This Changes Everything, including Naomi Klein

This Changes Everything: Capitalism vs the Climate is a must-read guide to the climate justice movement. It summarizes the science of climate change, the extractivist industries driving it, the system to which they are connected, and the growing resistance. Through her dynamic style, Naomi Klein describes the changes in the climate, the changes in the movement, and inspires us to change ourselves as well—just as her own politics have changed.

Climate change
This Changes Everything warns of the severe consequences of climate change, the industries (like tar sands, fracking, and mountain top removal) that are pushing us to the precipice, and the racism and profiteering that accompany it. Klein shows that the proposed capitalist solutions—from industries like nuclear power, market schemes like carbon offsets, technology like geoengineering, or faith in the 1%—only compound the problem. As she explains, “The idea that capitalism and only capitalism can save the world from a crisis created by capitalism is no longer an abstract theory; it’s a hypothesis that has been tested and retested in the real world. We are now able to set theory aside and take a hard look at the results.”

Faced with a capitalist climate change, she debunks simplistic solutions—whether it’s calling for individual lifestyle changes while ignoring the socioeconomic conditions that constrain choice, claiming there aren’t enough resources while billions have gone to corporate bailouts, or blaming China and India while ignoring Western corporations profiting from the exploitation of their workers. This is not only a critique of the system that produces climate change but of the record of the mainstream environmental movement in challenging it. Klein outlines the coopting of the earlier environmental movement, “what had been a rabble of hippies became a movement of lawyers, lobbyists, and UN summit hoppers” who presented climate change “as a narrow technical problem with no end of profitable solutions within the market system.”

The failure of mainstream environmentalism has eliminated gradual and incremental options: “We are left with a stark choice: allow climate disruption to change everything about our world, or change pretty much everything about our economy to avoid that fate. But we need to be very clear: because of our decades of collective denial, no gradual, incremental options are now available to us.” This Changes Everything is an urgent call for mass action, connecting the increasing climate disasters to the radical transformation needed to stop them. As Klein explains in her poetic style, climate change is “a civilizational wake-up call. A powerful message—spoken in the language of fires, floods, droughts, and extinctions—telling us that we need an entirely new economic model and a new way of sharing this planet.”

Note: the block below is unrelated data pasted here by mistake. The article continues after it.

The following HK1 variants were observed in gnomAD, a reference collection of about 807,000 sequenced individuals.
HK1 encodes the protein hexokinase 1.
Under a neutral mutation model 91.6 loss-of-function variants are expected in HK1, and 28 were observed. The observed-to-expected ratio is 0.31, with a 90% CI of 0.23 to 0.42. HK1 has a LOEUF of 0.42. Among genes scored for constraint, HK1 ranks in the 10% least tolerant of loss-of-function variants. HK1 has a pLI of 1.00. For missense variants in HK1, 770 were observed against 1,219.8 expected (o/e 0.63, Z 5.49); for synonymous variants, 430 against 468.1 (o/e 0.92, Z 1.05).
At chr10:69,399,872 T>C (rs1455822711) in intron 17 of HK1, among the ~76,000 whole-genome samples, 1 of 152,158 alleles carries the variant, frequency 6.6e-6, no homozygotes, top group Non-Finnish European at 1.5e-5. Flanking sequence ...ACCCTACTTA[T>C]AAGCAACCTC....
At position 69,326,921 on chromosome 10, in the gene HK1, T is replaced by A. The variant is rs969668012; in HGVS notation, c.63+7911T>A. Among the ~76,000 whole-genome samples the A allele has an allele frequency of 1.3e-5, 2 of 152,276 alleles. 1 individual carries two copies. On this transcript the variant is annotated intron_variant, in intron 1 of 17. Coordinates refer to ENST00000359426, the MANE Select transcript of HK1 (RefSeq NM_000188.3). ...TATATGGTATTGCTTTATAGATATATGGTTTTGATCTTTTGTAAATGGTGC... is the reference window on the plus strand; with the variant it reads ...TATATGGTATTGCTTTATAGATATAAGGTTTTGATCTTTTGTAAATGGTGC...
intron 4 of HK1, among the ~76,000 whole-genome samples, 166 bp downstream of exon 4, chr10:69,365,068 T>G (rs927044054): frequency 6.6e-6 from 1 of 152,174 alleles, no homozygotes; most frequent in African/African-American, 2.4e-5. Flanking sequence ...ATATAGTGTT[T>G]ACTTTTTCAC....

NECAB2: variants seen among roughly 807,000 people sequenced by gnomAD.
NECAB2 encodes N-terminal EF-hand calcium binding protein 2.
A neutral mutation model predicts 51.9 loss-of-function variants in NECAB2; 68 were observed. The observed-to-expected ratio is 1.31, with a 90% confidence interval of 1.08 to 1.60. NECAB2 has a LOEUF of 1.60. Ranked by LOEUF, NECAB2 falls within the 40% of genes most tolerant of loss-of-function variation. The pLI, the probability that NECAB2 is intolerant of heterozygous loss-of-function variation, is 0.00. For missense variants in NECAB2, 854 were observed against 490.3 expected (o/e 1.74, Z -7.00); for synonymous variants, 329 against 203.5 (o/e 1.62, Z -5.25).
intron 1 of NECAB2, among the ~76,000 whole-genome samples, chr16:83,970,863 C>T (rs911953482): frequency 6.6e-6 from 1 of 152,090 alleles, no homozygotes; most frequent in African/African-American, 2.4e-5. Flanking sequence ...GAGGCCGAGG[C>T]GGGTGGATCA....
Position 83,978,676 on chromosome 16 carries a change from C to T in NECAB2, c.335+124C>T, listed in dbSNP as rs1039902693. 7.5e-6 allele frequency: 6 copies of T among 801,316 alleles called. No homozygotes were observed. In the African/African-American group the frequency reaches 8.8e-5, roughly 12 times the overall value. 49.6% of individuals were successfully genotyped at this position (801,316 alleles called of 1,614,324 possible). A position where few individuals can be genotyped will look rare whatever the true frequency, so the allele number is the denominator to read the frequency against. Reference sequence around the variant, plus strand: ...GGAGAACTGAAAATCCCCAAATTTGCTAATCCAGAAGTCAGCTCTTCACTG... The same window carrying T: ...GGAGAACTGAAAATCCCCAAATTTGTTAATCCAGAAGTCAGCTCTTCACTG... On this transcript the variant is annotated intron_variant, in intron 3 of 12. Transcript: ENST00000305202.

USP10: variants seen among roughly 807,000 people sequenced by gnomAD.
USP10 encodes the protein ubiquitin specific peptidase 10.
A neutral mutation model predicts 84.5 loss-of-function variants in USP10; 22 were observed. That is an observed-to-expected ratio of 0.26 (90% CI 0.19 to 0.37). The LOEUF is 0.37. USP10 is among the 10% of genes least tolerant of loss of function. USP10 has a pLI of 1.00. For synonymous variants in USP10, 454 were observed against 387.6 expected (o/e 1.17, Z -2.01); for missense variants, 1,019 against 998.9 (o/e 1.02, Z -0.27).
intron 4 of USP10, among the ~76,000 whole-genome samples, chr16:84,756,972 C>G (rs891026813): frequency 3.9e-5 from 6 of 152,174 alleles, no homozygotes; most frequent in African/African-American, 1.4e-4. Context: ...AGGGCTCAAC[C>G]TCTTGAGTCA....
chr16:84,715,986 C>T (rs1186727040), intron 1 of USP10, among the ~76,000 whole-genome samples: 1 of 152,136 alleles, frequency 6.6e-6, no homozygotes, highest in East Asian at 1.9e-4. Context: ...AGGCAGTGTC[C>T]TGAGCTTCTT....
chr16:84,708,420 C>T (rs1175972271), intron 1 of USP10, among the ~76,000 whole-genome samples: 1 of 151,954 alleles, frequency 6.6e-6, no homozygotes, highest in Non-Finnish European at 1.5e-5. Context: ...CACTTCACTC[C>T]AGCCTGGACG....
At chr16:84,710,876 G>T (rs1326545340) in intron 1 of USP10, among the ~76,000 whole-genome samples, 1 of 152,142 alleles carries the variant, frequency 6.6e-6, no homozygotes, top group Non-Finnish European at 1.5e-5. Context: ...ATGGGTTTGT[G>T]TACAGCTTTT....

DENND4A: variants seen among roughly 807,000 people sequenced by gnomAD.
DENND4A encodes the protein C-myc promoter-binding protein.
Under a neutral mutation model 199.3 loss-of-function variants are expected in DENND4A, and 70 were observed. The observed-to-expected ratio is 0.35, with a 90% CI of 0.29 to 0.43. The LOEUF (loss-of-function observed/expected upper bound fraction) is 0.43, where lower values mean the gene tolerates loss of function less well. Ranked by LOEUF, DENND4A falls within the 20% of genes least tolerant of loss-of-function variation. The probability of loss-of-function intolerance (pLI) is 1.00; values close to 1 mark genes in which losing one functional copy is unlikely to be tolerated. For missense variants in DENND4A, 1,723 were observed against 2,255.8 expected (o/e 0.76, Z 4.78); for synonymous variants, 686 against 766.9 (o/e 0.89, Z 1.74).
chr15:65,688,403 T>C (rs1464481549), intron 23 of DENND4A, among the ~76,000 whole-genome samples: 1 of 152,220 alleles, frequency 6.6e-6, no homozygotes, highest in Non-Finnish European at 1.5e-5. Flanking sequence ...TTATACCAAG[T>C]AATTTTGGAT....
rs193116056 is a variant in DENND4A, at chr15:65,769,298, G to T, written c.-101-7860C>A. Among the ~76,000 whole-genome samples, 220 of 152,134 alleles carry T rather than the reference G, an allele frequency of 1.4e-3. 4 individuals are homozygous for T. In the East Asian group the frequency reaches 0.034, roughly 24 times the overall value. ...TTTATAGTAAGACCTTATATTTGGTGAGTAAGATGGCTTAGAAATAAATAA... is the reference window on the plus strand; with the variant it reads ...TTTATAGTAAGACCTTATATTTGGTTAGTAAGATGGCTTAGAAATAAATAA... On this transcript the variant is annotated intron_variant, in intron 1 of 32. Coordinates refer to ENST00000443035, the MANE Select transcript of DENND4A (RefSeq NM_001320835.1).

Movement change
This Changes Everything profiles the rising climate justice movements, introducing readers to campaigns and activists around the world, and showing concrete and inspiring examples of how people are organizing. “All of this has changed so rapidly as I have been writing that I had had to race to keep up. Yes, ice sheets are melting faster than the models projected, but resistance is beginning to boil.”

Klein profiles the indigenous communities leading the climate justice movement, from the Ogoni people in Nigeria to the Athabasca Chipewyan First Nation at ground zero of the tar sands. Contrasting the lack of solidarity to the Mi’kmaq blockade at Burnt Church 15 years ago with the broad support for the Mi’kmaq blockade at Elsipogtog last year, she describes the sea change that the movement is producing: “The movements against extreme energy extraction are becoming more than just battles against specific oil, gas, an coal companies and more, even, than pro-democracy movements. They are opening up spaces for a historical reconciliation between Indigenous peoples and non-Natives, who are finally understanding that, at a time when elected officials have open disdain for basic democratic principles, Indigenous rights are not a threat, but a tremendous gift.”